“The past is a foreign country: they do things differently there,” said L.P. Hartley in his opening lines to “The Go-Between.” Joe Orton’s “Loot,” which opened this past weekend at the Alhecama Theatre, is very foreign indeed. The farce makes traveling back to the Swinging London of the mid-1960s feel as long a trip as one to Oscar Wilde’s 19th-century Britain. As they say about traveling in new cars, your mileage may vary.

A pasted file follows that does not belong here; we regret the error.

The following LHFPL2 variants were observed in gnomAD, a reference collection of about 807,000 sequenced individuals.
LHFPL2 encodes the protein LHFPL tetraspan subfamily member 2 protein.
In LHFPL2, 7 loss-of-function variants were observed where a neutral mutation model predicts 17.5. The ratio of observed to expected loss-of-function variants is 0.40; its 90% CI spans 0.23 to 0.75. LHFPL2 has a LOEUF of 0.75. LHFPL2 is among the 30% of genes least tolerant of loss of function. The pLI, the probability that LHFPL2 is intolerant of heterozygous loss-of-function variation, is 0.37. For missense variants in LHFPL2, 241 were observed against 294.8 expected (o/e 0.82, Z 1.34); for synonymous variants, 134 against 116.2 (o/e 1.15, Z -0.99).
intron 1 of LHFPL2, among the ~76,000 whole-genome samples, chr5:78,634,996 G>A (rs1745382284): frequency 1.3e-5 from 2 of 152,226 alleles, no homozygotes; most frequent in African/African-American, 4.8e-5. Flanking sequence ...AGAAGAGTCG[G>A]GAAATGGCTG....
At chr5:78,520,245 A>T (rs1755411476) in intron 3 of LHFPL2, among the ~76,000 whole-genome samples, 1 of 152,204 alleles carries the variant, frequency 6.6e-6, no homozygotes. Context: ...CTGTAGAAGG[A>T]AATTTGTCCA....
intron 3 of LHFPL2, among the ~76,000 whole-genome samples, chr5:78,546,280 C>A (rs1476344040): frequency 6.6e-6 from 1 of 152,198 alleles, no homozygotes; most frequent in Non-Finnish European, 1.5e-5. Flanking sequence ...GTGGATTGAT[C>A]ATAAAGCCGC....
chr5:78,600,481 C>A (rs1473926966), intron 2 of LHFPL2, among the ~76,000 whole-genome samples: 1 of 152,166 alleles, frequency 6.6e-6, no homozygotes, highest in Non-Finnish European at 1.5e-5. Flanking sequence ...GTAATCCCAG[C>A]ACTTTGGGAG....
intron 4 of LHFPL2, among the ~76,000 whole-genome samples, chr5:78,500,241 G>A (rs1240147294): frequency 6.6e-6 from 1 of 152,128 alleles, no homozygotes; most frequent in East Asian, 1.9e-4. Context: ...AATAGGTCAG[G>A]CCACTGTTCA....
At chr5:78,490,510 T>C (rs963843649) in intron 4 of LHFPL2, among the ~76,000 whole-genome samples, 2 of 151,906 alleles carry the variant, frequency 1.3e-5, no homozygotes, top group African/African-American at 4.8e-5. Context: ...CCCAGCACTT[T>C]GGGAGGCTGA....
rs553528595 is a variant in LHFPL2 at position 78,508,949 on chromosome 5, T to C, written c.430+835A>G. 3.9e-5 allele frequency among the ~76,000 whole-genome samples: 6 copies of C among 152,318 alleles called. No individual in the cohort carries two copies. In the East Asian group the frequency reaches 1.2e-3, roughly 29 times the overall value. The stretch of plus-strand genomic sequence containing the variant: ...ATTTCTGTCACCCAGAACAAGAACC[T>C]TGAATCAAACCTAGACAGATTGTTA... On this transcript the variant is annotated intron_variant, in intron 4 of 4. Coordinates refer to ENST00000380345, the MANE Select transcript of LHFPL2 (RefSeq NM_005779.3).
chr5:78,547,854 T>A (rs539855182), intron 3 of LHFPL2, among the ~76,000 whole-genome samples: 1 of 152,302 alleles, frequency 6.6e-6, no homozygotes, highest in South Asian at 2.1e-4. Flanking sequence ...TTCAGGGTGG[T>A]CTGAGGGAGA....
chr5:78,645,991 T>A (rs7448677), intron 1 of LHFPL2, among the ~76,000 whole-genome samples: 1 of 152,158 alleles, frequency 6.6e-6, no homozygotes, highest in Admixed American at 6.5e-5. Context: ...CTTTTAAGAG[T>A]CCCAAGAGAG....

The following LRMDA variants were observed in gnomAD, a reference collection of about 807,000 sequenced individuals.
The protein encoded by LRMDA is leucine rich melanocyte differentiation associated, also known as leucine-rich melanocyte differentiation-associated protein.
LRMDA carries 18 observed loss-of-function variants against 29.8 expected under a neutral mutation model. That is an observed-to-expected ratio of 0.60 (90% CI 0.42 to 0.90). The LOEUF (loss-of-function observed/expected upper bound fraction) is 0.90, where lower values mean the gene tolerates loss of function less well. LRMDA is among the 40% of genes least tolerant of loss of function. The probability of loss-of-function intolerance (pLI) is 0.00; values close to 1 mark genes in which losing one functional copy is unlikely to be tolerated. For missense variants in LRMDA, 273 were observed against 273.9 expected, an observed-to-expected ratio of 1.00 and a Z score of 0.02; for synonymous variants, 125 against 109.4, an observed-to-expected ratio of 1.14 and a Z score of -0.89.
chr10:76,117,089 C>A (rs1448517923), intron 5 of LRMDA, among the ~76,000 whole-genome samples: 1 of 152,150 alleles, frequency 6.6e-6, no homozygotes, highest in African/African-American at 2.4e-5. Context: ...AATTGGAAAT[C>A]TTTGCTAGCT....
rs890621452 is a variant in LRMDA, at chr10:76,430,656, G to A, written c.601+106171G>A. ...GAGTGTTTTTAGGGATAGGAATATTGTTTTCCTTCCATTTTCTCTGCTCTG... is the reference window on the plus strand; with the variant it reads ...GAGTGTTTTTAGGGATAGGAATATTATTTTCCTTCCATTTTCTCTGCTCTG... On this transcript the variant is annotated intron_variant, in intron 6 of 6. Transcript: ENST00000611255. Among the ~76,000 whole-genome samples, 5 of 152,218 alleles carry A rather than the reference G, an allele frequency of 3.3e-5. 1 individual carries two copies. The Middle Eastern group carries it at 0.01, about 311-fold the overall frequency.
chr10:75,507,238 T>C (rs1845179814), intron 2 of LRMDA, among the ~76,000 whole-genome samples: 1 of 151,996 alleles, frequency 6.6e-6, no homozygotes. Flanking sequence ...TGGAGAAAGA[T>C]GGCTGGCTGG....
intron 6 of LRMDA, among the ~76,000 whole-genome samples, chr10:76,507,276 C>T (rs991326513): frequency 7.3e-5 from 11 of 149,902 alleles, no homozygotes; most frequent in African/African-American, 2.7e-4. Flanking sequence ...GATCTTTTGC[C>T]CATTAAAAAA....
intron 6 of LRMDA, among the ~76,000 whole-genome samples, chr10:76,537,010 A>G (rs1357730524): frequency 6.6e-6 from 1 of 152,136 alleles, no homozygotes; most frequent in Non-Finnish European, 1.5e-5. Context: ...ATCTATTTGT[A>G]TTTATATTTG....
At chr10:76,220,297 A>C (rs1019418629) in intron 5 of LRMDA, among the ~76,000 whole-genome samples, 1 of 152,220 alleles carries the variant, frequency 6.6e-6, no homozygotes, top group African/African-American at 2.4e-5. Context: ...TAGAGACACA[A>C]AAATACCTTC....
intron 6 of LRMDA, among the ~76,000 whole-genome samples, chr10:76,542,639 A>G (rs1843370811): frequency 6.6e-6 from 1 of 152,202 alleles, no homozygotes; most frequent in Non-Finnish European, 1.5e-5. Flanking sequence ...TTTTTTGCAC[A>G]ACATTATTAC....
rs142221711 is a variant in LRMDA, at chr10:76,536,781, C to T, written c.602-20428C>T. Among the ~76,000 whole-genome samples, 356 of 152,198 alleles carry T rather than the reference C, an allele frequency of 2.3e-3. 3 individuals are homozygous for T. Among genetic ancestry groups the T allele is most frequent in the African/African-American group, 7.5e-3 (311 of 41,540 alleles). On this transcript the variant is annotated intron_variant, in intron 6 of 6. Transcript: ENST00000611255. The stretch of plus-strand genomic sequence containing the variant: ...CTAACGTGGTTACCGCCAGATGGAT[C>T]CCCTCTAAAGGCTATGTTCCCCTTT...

Orton was the enfant terrible of the new playwrights of his time, busting genres like Tom Stoppard but poking the establishment where it irritated them most. With his life cut short at age 34, we wonder where Orton might have gone — more political like Stoppard or Harold Pinter? Would he have been an ambassador of bad taste, like our filmmaker John Waters? Or just petered out?